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Health » Maternal Health » Midwifery


Traditional childbirth practices were intrinsic to the Inuit way of life and crucial to maintaining the social fabric of Inuit communities.

The bonds within the family and community were thus reinforced and intensified much beyond the birth event, extending to a child’s education and place in the community. Children had a special bond with the person who delivered them, especially if it was a grandparent.

Children were taught to show appreciation and respect to the person who helped bring them into the world. For example, it was customary to present one’s midwife with the child’s first piece of sewing or the first animal hunted. This expression of gratitude would maintain and reinforce the relationship throughout the child’s life. Changing circumstances, however, allowed fewer opportunities for Inuit women to practice midwifery. Inuit were ‘encouraged’ to move into communities by the federal government in the 1950s through the provision of family benefits and health services.

Initially, the government stationed midwife nurses from England in Inuit communities. These nurses would attend home births only upon invitation and collaborated with Inuit midwives. Later on, women were invited to give birth at the nursing station with Inuit midwives to assist in the birthing process. But eventually, their presence was no longer welcomed. Home births and Inuit midwifery were actively discouraged and in some cases, Inuit midwives were threatened with legal action if they practiced within a private home.[1]

In addition, medical authorities began evacuating women considered high risk to hospitals. This evolved into the present practice whereby almost all Inuit women give birth in hospitals far away from home. In Nunavik, taking birth out of the community is also seen as symbolic of disrespect, neglect and a colonialist approach to health care in Indigenous communities. Pauktuutit has been active in lobbying with Inuit women for community-based childbirth. It has also documented traditional midwifery practices to help salvage the vast knowledge of elders before it disappears.

The organization has been entrusted with a historically significant body of knowledge about traditional Inuit practices related to pregnancy, childbirth, and midwifery through a research project undertaken in 1992/93. This body of knowledge includes traditional Inuit knowledge related to prenatal care and nutrition gathered from 75 open-ended interviews with traditional midwives across the Arctic. The return to midwifery is gaining momentum across Canada and in the North as an alternative to medical intervention. With increases in demand, and its demonstrated cost-effectiveness, acceptance and regulation, midwifery is occurring on a province-by-province basis.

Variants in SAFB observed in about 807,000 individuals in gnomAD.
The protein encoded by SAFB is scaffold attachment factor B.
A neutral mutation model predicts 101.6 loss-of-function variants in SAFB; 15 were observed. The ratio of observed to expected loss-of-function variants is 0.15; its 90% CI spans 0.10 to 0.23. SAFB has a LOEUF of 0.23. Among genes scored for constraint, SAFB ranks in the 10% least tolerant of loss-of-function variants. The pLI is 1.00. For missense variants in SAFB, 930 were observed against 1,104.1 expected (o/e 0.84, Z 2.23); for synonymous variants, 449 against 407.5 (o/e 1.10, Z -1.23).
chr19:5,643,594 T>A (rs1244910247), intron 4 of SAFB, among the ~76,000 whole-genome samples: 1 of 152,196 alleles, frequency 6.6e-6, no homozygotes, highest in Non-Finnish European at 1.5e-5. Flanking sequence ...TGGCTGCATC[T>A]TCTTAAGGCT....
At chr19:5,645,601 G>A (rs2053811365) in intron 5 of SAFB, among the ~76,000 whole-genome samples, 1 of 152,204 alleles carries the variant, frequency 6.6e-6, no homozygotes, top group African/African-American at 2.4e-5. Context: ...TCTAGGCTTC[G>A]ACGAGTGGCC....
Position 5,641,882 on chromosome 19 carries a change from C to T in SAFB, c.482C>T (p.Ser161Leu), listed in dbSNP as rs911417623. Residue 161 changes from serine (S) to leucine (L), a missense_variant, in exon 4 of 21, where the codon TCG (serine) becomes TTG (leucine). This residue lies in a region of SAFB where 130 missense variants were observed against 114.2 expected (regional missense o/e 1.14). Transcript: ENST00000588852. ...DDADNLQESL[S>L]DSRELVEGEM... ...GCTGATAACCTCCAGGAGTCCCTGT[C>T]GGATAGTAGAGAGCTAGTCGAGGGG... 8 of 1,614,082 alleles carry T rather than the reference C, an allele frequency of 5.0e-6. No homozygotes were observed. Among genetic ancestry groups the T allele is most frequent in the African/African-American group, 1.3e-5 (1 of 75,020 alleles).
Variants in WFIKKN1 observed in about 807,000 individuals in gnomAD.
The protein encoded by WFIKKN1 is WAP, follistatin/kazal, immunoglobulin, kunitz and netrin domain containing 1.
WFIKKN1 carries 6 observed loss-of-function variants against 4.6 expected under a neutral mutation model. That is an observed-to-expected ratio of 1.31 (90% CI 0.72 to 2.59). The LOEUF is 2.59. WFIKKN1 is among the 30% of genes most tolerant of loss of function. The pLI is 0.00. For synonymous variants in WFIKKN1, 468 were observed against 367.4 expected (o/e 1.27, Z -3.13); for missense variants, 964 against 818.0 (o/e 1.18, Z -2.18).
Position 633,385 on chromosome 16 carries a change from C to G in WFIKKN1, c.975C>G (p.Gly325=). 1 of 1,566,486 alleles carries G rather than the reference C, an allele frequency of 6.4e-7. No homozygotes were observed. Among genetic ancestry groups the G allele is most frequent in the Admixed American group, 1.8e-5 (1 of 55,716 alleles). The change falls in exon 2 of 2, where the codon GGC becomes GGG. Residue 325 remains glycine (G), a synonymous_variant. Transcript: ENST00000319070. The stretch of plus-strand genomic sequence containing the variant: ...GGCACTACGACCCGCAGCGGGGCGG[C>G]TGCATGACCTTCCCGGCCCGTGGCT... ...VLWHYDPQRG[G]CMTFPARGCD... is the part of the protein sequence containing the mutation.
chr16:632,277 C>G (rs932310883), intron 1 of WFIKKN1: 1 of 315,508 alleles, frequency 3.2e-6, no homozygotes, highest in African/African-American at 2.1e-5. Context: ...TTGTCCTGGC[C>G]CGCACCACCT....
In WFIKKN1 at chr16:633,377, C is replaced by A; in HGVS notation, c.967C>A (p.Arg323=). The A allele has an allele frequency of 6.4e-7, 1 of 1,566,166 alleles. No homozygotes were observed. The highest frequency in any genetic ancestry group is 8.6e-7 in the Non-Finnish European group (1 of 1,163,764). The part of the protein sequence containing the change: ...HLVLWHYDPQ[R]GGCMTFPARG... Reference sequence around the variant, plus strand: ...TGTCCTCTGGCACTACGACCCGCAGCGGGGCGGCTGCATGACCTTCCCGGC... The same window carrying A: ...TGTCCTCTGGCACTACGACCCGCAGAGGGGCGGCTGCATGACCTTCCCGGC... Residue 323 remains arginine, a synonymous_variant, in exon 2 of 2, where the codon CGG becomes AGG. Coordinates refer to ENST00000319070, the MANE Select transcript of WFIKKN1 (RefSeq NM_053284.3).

Inuit midwives are being trained and more women are insisting upon the option of giving birth in their own community. While Inuit women appreciate the value of modern medicine and the presence of doctors and nurses in case of complications, giving birth in southern hospitals adds to the sense of loneliness, shyness and stress associated with these institutions. The distance of hospitals from most Inuit communities and language barriers also increase women’s sense of isolation, loneliness and separation.

All of these factors, as well as the worry of leaving young children, sometimes infants, and families for extended periods of time, create a less than healthy environment in which to give birth. Building on the “Promoting, Supporting and Strengthening Inuit Midwifery” meeting held from March 13 – 15, 2007, in Iqaluit, Nunavut, Pauktuutit hosted the initial meeting of an Arctic Midwifery Working Group (AMWG). On March 11-12, 2008, the working group met in Ottawa and developed an action plan for the next two years. The working group recommended that Pauktuutit continue to take the lead for this group until all steps of the national action plan are complete.

In the 2008-2009 the working group was unable to hold a full face-to-face meeting due to a number of unforeseen circumstances, and in 2009/10 and in 2010/11 no funding was available to support this process. The members of the working group want to move the Inuit midwifery agenda forward and would like to implement components of the draft National Inuit Midwifery Action Plan that was developed in 2008. Birthing closer to home remains a priority in Inuit communities.